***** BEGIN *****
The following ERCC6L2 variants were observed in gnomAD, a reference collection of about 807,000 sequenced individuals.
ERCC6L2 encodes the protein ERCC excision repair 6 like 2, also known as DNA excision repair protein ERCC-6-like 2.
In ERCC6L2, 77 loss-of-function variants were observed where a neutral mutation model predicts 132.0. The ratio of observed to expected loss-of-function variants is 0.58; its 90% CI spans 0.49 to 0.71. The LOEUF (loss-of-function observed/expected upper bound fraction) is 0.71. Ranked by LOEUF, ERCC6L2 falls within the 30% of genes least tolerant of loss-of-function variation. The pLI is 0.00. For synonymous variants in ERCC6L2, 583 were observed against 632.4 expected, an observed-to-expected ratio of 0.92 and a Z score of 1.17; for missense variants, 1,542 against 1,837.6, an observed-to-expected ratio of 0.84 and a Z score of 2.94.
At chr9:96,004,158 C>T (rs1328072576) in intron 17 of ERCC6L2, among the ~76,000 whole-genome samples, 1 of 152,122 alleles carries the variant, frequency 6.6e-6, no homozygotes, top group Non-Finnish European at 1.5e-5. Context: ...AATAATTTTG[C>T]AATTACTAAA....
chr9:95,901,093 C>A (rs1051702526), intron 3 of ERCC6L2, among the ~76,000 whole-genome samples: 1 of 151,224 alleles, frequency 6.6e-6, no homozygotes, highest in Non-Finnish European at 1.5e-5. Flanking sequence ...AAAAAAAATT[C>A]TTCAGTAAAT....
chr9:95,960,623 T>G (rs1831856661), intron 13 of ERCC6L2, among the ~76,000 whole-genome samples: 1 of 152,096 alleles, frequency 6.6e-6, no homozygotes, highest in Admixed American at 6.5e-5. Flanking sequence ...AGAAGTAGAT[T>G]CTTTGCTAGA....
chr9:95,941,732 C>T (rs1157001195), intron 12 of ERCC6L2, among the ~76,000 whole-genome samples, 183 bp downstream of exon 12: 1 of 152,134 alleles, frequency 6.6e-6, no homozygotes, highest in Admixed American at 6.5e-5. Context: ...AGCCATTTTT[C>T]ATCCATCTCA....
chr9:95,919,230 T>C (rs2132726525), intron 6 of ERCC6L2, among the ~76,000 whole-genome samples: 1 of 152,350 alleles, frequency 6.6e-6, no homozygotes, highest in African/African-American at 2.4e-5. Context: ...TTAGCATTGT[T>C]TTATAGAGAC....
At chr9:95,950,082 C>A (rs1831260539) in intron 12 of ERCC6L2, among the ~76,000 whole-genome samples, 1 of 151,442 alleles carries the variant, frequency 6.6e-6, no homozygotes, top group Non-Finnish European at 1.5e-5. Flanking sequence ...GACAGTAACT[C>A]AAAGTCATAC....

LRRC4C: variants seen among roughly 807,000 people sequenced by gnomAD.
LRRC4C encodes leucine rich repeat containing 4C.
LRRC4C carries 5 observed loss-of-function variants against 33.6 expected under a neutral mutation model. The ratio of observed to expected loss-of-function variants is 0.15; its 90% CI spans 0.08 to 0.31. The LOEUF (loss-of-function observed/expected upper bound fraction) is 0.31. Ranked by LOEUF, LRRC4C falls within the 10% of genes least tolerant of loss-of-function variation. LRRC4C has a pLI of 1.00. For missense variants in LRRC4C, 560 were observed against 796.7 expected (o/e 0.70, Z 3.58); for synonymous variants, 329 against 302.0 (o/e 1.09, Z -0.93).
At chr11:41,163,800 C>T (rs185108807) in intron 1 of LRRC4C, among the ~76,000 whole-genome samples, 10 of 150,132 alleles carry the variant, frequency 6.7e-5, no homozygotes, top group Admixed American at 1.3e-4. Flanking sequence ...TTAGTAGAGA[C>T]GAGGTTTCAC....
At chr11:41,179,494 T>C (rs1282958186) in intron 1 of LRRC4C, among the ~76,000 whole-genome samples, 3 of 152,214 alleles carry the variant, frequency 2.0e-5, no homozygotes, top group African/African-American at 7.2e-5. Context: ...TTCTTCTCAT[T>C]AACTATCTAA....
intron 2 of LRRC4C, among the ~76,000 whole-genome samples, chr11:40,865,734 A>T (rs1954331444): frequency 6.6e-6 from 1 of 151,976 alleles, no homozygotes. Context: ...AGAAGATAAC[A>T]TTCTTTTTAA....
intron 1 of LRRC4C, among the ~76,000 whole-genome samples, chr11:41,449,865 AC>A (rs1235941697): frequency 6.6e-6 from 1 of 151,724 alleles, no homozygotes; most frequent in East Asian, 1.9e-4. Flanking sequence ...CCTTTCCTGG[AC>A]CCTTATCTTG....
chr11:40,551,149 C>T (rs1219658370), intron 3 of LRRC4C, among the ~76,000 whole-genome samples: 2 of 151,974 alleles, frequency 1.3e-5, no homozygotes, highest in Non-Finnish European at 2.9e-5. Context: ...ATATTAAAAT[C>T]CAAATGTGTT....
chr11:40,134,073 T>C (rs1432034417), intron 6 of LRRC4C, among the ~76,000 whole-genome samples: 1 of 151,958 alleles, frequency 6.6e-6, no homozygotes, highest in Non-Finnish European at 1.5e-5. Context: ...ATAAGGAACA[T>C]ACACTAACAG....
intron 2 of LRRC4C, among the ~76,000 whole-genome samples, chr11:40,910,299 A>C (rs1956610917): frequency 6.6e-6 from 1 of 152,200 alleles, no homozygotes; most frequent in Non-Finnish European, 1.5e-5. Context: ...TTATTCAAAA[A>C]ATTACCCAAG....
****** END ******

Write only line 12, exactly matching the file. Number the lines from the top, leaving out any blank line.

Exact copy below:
LRRC4C carries 5 observed loss-of-function variants against 33.6 expected under a neutral mutation model. The ratio of observed to expected loss-of-function variants is 0.15; its 90% CI spans 0.08 to 0.31. The LOEUF (loss-of-function observed/expected upper bound fraction) is 0.31. Ranked by LOEUF, LRRC4C falls within the 10% of genes least tolerant of loss-of-function variation. LRRC4C has a pLI of 1.00. For missense variants in LRRC4C, 560 were observed against 796.7 expected (o/e 0.70, Z 3.58); for synonymous variants, 329 against 302.0 (o/e 1.09, Z -0.93).